For rat’s sake: Pollies at war over homeless
TWO of the Gold Coast's youngest MPs are at war about how to solve the homeless crisis on the Gold Coast as the debate turns nasty.
Rookie councillor Ryan Bayldon-Lumsden has been criticised by Bonney MP Sam O'Connor after he talked about "feeds' and keeping "people on the wheel".
The Bulletin's Trouble on the Streets series has highlighted a 100-person group of homeless in the Southport CBD and risks for children as young as 11 under the care of Child Safety camping in Surfers Paradise.
Despite the State being the lead agency, the council responded this week by announcing it would develop a homeless action policy and employ two temporary full-time officers as part of a trial sparking concerns about a crackdown on vulnerable people sleeping in parks.
Cr Bayldon-Lumsden in a Facebook post wrote: "I agree that food is a necessity, however on it's own just keep people on the wheel. I have requested feed groups to be paired with health services so that those experiencing difficult times can be guided in the right direction and get the support they need."
Some residents were "disgusted" by the post, suggesting it should be deleted.
"How we care for the homeless does need to be addressed but language like you've written is divisive and inhumane," a resident wrote.
Bonney LNP MP Sam O'Connor, who knew Mr Bayldon-Lumsden before being elected to council in March through his membership with the LNP, joined the chorus of critics.
"I'm disappointed with the tone of the councillor's comments," Mr O'Connor said.
"Saying feeds keep these people 'on the wheel' is comparing them to rodents. Language is important and in everything we say we can't forget that we are talking about people."
Cr Bayldon-Lumsden strongly rejected the suggestion he was referring to the homeless as rats, adding that as a teacher he had worked with disabled children for more than a decade making him aware of the importance of health support.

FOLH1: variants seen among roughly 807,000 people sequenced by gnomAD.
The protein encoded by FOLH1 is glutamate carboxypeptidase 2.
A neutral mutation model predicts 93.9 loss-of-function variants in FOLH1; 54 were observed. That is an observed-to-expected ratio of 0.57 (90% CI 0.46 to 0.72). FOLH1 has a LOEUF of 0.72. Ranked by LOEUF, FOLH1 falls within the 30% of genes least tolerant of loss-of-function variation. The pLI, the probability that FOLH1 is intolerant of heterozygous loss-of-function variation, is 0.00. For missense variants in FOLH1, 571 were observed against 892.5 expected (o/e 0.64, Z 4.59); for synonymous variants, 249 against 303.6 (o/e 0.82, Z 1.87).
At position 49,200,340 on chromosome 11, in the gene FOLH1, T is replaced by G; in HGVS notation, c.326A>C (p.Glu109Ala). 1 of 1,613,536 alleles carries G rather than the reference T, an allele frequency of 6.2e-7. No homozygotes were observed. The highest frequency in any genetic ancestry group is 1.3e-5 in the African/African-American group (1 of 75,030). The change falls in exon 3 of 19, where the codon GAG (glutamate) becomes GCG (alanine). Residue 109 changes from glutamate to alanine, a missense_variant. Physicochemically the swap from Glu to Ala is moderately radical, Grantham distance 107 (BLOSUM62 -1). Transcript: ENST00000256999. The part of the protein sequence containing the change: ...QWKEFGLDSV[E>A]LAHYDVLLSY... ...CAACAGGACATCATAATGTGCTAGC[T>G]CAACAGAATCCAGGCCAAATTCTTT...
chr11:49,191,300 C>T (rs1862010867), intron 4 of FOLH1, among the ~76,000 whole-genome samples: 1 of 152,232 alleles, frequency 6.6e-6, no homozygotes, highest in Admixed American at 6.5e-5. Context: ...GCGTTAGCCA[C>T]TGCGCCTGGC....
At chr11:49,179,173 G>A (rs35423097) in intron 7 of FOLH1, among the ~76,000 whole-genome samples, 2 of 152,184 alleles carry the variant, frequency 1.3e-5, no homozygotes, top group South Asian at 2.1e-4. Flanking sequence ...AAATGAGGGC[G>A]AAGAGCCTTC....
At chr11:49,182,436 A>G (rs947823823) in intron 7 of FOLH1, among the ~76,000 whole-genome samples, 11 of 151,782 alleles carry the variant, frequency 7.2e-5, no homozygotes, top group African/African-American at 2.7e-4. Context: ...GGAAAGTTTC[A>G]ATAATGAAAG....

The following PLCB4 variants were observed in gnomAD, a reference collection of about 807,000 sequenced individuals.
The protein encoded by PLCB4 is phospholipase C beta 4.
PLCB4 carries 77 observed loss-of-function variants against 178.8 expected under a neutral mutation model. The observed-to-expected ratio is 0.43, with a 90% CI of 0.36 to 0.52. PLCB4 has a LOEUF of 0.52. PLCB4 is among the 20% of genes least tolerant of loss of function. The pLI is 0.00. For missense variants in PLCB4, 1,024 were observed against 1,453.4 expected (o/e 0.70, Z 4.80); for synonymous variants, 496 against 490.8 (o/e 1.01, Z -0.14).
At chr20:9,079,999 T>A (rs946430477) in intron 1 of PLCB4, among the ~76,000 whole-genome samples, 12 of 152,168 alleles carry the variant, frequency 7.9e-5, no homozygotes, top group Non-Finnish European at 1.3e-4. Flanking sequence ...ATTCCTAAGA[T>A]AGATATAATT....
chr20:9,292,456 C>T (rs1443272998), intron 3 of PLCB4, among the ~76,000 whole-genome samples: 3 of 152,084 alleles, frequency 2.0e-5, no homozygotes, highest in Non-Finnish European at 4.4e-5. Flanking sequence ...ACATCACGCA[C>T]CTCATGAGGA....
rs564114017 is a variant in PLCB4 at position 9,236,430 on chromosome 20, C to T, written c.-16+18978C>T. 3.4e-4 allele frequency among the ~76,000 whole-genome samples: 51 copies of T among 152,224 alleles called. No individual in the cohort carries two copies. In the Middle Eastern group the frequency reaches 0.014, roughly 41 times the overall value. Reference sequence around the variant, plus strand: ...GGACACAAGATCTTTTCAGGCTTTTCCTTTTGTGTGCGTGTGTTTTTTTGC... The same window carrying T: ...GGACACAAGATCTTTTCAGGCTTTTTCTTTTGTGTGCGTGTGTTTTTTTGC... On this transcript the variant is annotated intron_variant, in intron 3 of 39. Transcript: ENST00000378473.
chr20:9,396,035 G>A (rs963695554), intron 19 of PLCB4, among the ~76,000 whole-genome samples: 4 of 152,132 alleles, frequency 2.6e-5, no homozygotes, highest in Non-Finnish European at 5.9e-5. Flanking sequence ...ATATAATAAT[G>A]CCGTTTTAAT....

"I come from a disability support background. My approach has always been the health services is what's lacking," he said.
"A lot of people are pushing for a policing approach to homelessness - it's not going to be resolved through enforcement and policing."
"These two new officers will be out on the ground liaising with the community. And they will have a great opportunity to direct the homeless community to the support services they need.
"In terms of the on-the-wheel comment, I'm saying the feed groups on their own is not really supporting an outcome. It's helping people get by day-by-day."
"I'm pushing for all the groups to be paired with some sort of service so that when people access them they can be given a hand up rather than a hand up," he said.
Mr O'Connor was also critical of council officers undertaking "a crackdown on vagrants".
"Vagrancy is not illegal. It hasn't been for a long time in Queensland," he said.
"We can't and shouldn't arrest our way out of homelessness. Of course if someone on the street breaks the law then they should be held to account, just as anyone else would be, but being homeless is not an offence."
Originally published as For rat's sake: Coast pollies at war over homeless